Causing Confusion

Causing Confusion

Causing Confusion. I’m Greg Martin with today’s Line On Agriculture.

There has been a lot of confusion lately regarding the production of ethanol and the taxes and incentives around it. Recently the Senate has gotten involved and their stand is unclear as its decisions on proposed amendments last week were driven by other unrelated issues. Bob Dinneen, president and CEO of the Renewable Fuels Association said that while lawmakers on Thursday approved an amendment that would scrap the ethanol tax incentive program, they voted down another amendment that would have placed restrictions on federal support for ethanol blender pumps. Matt Hartwig - Renewable Fuels Association Chief of Staff - says the vote is mostly symbolic.

HARTWIG: First of all it doesn’t mean anything. This whole week about the debate around ethanol really has little to do with ethanol and even less to do with true energy policy. This was about politics; this was about political theatre. In the end the vote yesterday on that amendment was for an amendment that is unconstitutional.

Hartwig calls it unconstitutional because the measure takes action the Senate can’t take. That is - being the first chamber of Congress to institute revenue raising measures.

HARTWIG: Getting rid of VEETC would raise taxes on gasoline by 4 1/2 cents overnight as Senator Coburn and Senator Feinstein have proposed and in the end the vote means nothing. VEETC is still scheduled to expire at the end of the year and I think it’s likely we will see some sort of reform of VEETC before we see it repealed immediately as the Senator from the oil patch would like.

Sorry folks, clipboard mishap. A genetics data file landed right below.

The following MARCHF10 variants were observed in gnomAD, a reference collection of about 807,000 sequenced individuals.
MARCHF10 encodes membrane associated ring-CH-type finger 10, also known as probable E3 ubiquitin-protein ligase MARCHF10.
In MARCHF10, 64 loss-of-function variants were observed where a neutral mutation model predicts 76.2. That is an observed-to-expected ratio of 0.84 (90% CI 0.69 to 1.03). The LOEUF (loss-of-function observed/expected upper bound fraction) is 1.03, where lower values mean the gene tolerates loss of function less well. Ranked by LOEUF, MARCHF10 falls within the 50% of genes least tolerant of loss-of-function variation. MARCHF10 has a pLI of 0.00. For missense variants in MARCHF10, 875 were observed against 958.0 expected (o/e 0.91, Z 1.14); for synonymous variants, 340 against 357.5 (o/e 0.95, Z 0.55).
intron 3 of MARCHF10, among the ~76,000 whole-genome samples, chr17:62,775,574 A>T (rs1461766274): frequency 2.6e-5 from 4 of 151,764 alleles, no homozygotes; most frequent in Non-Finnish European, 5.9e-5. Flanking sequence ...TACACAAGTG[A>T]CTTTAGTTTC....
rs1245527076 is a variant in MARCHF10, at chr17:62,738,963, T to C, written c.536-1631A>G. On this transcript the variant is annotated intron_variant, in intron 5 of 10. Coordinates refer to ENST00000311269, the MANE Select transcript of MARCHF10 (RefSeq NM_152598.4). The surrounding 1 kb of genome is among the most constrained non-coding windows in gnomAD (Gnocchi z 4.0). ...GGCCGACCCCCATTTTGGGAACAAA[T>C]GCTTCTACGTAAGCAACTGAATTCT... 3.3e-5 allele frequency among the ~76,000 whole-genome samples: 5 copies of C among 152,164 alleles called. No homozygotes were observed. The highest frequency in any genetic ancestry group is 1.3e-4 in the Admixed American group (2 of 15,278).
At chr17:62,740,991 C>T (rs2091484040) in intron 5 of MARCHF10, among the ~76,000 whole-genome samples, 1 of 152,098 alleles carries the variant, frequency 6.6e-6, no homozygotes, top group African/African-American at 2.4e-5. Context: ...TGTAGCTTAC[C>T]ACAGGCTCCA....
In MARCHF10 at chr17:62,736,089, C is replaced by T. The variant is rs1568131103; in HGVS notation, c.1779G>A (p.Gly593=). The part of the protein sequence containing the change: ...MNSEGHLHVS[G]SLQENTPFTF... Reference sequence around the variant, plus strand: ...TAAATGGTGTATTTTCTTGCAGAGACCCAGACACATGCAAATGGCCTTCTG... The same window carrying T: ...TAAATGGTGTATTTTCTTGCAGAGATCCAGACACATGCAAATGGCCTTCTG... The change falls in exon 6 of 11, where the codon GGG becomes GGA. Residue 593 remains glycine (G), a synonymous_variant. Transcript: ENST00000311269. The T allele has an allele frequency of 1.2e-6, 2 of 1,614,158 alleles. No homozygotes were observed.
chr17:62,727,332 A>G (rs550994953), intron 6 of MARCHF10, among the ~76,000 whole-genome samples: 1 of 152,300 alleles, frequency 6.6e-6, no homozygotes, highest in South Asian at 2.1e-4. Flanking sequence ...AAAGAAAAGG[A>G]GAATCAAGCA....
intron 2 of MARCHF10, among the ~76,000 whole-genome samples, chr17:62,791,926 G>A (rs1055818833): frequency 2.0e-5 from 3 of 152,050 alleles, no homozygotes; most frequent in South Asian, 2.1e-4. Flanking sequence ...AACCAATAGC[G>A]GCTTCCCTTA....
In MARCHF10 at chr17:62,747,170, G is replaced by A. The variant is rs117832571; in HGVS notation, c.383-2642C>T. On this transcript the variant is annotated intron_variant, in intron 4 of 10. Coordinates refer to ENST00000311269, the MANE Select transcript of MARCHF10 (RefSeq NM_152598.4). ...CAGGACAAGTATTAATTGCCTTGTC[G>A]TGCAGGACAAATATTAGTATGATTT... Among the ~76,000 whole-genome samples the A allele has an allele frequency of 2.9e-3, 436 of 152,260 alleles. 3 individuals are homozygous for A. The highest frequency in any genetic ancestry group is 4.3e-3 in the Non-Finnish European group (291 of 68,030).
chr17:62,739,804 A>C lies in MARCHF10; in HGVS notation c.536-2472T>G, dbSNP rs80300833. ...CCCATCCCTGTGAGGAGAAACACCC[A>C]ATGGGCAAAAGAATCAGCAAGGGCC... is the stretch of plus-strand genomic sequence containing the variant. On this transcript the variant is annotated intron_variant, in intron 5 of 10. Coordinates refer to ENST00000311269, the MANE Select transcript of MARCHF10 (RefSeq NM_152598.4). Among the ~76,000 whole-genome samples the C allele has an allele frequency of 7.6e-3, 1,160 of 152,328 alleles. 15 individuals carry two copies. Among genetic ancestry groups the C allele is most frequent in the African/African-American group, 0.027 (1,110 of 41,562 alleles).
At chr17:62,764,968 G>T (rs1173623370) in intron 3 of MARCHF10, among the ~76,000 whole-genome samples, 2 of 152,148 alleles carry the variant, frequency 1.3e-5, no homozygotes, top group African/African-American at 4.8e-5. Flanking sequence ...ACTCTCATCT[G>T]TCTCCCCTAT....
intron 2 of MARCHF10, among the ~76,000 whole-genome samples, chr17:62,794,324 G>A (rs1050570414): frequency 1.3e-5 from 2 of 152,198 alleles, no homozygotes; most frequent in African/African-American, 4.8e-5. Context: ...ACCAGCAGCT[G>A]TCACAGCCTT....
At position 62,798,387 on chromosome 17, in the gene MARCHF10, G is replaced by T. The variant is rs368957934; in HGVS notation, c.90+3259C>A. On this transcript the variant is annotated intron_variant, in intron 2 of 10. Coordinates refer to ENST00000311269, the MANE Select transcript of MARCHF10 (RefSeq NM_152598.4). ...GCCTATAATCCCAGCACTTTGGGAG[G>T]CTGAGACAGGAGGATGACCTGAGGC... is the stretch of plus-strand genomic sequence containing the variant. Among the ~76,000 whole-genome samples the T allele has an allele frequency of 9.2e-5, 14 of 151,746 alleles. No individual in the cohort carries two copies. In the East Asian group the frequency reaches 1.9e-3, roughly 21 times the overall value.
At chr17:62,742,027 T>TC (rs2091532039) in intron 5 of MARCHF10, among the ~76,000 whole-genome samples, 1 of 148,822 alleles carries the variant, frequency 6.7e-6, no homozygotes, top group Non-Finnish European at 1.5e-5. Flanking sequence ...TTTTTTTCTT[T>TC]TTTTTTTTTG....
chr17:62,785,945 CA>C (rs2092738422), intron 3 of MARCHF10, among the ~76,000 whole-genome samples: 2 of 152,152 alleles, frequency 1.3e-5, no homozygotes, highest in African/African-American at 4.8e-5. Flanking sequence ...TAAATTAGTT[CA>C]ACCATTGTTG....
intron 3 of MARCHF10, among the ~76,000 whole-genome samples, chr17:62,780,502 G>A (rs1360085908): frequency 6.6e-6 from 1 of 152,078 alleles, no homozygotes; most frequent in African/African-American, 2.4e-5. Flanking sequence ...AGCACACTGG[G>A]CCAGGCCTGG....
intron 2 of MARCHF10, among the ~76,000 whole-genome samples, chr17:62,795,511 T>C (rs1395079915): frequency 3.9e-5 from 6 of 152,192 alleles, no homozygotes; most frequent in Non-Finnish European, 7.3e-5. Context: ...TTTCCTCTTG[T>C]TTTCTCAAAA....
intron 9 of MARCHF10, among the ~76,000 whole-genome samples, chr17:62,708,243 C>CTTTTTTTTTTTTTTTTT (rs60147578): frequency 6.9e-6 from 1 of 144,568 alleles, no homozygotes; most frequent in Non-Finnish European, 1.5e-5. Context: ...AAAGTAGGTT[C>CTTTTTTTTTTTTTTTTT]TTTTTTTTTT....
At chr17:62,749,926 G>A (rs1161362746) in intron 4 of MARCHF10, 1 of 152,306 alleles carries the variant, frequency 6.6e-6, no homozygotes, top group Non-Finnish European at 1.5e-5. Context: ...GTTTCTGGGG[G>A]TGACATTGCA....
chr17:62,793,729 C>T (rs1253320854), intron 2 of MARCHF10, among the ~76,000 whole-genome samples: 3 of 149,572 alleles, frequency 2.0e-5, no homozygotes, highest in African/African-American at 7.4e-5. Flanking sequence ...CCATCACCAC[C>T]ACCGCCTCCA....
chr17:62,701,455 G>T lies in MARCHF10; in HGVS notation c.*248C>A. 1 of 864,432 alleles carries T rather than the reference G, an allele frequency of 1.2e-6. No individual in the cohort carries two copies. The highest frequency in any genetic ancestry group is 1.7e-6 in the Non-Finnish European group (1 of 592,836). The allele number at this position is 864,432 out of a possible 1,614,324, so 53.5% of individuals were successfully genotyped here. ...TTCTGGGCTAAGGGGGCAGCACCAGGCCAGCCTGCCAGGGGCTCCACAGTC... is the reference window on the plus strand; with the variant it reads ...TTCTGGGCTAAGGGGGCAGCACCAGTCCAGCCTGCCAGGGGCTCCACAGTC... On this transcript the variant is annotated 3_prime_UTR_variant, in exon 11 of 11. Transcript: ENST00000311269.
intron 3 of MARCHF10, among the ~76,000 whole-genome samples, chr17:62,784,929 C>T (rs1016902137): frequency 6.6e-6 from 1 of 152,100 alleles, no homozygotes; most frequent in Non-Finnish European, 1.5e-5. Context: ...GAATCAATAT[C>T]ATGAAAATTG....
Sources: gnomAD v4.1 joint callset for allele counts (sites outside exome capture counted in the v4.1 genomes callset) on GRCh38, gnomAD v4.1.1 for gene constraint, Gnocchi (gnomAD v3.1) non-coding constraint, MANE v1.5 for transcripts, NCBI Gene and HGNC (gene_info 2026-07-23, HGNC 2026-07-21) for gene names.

Hartwig says the vote was a hypocritical move on the part of some Senators.

HARTWIG: When they were asked to end taxpayer handouts to big oil, they said how dare you pick on one industry. How dare you single out one industry to shoulder the responsibility of balancing the budget. Yet now just a few weeks later they have no problems doing that to America’s farmers and ethanol producers.

He says the debate was never about sound energy policy for the country.

HARTWIG: Were this about policy, then the proposal put forward by Senator Klobuchar and Senator Thune would have gotten more attention and more serious debate.

This issue is far from over and we’ll keep an eye on what will happen in the next round. That’s today’s Line On Agriculture. I’m Greg Martin on the Ag Information Network. 

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